This being so, it is probably not surprising that commentators have concentrated on demonstrating ways that the proliferating, diverse, and heavily detailed substance of Women and Men does in fact coalesce or cohere. Formal features (homologies, which Harry Mathews [232] refers to as “rhymes”) are thus shown to be absorbed into a process which is held to “subsume” the “substance” of the novel (Karl] 190) and indeed to attain cosmic dimensions. Excess information thus functions to generate meaning, while order emerges from disorder. In what is probably the fullest expression of this approach to date, Tom Leclair (1989) mobilizes information and systems theory, or again contemporary dynamics (in the form of chaos theory) to demonstrate McElroy’s art of “mastery.”

That such a drive to order McElroy’s fiction has become canonical is all the less surprising in that the author himself would seem to have encouraged it - indeed to have stimulated the systems-theory approach by his own references to biological and neurological processes. This, at least, is suggested by many of the comments contained in the dense and brilliant essay from which I have borrowed a title for this paper. In “Neural Neighborhoods and Other Concrete Abstracts,” McElroy tells of his acceptance, as a writer, of a sense of disorder which made it impossible for him to compose the “regular, sensitive American novel”(1975, 202) and of the resultant tensions between “plan” and “massed actualities” that his writing had consequently to resolve (203). However, he also evokes a “certain abstraction” (204) lying between these two poles, which he envisages with reference both to systems theory (that must therefore be dissociated from the alienating systematics of the contemporary world) and to narrative as such: “narrative itself is an abstraction” (213).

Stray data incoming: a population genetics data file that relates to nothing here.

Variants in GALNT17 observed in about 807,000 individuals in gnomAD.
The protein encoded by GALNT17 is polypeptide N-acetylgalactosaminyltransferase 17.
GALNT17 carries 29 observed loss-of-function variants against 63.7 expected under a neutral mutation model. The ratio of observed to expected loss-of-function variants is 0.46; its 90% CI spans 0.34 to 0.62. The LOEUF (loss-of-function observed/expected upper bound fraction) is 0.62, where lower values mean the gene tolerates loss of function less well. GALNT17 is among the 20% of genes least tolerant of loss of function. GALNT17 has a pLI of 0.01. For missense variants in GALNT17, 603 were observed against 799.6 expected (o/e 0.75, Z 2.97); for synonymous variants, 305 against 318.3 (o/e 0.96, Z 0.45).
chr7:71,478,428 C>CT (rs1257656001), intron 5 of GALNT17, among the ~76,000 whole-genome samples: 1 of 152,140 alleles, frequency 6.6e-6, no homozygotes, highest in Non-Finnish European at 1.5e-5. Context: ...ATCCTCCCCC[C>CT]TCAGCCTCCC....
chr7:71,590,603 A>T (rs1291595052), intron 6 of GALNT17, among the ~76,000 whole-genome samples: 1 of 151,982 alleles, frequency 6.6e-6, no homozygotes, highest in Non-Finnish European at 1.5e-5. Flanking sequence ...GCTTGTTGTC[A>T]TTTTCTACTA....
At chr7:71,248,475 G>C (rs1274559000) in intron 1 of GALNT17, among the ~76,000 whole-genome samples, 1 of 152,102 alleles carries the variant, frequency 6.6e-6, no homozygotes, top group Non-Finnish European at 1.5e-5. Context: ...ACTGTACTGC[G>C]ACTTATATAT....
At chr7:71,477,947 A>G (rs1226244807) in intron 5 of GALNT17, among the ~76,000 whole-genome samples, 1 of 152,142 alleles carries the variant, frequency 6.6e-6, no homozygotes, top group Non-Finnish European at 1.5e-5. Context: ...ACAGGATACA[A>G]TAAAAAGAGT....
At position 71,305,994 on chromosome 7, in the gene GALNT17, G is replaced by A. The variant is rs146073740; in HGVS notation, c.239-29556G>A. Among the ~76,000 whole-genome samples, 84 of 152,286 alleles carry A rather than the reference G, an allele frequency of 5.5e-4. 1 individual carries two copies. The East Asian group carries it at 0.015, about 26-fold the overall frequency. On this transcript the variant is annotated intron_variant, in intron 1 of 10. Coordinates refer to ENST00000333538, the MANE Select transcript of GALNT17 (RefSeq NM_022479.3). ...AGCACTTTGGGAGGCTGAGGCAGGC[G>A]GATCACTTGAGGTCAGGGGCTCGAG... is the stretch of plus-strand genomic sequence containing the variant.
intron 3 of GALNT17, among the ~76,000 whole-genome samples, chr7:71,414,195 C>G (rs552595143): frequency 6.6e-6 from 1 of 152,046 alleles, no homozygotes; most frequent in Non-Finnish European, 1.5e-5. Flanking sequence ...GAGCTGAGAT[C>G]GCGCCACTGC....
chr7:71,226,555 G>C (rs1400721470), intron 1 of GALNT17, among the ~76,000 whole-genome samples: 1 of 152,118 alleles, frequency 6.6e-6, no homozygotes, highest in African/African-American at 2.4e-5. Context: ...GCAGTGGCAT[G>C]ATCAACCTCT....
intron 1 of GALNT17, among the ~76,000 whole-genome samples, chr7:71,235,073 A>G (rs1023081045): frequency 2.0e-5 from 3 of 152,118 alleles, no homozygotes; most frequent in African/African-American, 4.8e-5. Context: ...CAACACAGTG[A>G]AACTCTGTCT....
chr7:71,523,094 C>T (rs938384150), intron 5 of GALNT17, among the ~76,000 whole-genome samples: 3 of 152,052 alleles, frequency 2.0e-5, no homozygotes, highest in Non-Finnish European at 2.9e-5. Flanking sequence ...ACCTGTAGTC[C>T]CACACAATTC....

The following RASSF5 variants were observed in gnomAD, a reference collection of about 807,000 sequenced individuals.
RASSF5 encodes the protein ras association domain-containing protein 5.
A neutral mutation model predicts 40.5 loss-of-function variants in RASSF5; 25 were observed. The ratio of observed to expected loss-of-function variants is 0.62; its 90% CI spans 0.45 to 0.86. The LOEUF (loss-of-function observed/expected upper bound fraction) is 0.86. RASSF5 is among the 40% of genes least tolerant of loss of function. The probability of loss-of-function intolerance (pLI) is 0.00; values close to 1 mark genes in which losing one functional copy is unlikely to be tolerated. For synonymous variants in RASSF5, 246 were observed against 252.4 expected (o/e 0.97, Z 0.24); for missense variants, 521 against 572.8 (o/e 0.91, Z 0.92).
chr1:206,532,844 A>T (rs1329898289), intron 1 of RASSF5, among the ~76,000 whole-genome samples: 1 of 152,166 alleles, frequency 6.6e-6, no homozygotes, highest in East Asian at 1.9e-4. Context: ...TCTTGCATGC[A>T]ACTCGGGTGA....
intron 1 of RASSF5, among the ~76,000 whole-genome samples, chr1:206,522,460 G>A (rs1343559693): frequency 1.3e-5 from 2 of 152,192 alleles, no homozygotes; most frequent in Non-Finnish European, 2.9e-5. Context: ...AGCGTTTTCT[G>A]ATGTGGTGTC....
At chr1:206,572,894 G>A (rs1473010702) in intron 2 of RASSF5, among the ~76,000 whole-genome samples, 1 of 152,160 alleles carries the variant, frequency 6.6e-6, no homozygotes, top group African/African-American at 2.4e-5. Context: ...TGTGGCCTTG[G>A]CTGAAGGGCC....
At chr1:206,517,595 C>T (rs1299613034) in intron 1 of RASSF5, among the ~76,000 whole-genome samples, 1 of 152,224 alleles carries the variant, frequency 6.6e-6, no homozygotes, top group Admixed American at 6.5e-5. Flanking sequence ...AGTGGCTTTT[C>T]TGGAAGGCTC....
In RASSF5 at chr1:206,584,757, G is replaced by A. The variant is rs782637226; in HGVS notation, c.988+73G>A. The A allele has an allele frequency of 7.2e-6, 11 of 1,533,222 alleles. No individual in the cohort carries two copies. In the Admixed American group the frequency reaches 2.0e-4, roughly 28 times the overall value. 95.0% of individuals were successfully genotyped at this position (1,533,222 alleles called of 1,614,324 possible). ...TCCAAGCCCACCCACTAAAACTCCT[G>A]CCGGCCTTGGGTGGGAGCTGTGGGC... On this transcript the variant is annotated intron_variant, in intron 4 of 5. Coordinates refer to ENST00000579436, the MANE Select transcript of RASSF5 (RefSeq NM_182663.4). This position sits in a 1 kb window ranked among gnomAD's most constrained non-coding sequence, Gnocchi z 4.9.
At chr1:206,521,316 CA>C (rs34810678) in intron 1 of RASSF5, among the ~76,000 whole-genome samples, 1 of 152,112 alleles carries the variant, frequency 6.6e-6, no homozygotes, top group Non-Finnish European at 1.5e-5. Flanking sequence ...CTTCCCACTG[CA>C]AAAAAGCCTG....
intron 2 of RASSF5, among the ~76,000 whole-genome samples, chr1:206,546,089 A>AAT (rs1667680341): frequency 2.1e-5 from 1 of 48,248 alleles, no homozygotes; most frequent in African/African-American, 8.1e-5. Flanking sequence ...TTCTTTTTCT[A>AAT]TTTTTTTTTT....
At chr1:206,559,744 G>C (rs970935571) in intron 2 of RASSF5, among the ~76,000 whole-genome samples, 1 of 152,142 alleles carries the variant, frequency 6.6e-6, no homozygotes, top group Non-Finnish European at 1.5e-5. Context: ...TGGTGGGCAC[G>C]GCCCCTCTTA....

It is here that McElroy invokes the notion of “vectoral muscle,” coined in his novel Hind’s Kidnap (1969) to describe a form of cognitive behavior. The expression is not only striking because it combines an element of physiological causality with a geometrical description of movement, in offering an account of cerebral or neurological behavior. The term is also interesting in that it recalls the fact that muscular energy - or, more precisely, certain conjunctions of propulsion, motion, and poise, but equally of percept and affect as dynamic processes, or of motion as almost immediately consequent upon affect and percept - constitutes the very texture of McElroy’s prose. All this suggests that McElroy’s fiction engages a complex notion of embodied cognition, intimately tied to or crossed with action.